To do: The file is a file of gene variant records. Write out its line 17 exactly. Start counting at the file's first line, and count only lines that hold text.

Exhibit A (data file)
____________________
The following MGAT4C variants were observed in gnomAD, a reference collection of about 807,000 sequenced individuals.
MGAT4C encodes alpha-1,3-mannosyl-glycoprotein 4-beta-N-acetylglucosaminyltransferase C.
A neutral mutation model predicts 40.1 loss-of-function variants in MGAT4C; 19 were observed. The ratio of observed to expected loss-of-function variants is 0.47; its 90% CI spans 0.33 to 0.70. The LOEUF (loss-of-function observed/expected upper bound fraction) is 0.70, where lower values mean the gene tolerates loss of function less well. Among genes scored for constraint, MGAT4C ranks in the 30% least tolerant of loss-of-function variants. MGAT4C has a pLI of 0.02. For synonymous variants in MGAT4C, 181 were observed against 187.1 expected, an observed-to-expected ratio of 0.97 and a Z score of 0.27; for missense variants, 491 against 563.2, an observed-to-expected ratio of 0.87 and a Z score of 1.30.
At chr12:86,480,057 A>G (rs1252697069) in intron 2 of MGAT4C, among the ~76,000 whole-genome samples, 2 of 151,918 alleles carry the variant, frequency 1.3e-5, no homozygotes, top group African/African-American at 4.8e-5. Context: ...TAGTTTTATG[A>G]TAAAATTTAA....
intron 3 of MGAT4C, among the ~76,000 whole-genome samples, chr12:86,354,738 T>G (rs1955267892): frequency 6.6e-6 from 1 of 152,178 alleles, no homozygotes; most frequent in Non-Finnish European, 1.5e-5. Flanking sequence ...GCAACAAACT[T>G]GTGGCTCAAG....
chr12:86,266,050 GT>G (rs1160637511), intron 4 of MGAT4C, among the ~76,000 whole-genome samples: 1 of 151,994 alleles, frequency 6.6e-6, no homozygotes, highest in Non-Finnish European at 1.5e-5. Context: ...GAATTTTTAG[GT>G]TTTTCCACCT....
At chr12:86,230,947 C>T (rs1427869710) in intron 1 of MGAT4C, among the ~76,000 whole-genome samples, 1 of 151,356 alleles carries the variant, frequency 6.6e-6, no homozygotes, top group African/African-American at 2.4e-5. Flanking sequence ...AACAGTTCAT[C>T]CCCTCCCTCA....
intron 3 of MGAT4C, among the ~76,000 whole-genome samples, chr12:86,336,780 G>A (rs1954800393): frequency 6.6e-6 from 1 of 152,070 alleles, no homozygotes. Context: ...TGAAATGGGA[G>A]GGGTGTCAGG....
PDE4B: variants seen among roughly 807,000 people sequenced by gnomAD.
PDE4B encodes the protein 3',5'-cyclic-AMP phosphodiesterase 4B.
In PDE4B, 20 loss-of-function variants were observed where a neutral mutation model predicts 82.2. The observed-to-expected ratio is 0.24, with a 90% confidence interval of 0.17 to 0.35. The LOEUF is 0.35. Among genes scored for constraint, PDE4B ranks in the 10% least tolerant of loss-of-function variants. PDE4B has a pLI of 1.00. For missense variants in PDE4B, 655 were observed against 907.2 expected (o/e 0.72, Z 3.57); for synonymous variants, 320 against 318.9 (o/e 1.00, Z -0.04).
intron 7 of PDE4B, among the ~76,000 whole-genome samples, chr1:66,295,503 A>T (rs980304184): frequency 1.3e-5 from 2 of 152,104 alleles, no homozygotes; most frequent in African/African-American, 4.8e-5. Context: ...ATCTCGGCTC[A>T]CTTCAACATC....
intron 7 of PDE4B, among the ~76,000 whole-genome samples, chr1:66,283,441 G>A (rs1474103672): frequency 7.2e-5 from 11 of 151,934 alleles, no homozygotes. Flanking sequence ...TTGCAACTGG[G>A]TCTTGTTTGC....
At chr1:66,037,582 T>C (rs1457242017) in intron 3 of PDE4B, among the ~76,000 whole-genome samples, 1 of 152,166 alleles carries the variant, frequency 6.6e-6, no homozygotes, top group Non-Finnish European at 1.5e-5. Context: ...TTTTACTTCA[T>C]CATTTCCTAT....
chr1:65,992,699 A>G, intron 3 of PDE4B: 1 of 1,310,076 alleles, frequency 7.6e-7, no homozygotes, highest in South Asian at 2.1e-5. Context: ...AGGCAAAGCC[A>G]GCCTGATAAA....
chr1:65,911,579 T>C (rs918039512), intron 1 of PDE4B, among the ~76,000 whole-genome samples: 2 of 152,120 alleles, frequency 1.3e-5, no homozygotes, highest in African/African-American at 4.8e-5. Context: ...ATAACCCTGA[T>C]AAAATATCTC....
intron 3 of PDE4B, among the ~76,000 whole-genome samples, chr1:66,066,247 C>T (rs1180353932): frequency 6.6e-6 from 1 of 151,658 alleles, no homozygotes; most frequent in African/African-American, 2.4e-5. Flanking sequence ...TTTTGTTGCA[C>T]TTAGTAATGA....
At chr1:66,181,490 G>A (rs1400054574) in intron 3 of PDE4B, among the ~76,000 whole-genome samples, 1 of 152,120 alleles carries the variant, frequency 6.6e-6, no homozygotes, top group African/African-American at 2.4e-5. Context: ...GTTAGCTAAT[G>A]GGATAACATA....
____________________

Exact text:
intron 3 of PDE4B, among the ~76,000 whole-genome samples, chr1:66,066,247 C>T (rs1180353932): frequency 6.6e-6 from 1 of 151,658 alleles, no homozygotes; most frequent in African/African-American, 2.4e-5. Flanking sequence ...TTTTGTTGCA[C>T]TTAGTAATGA....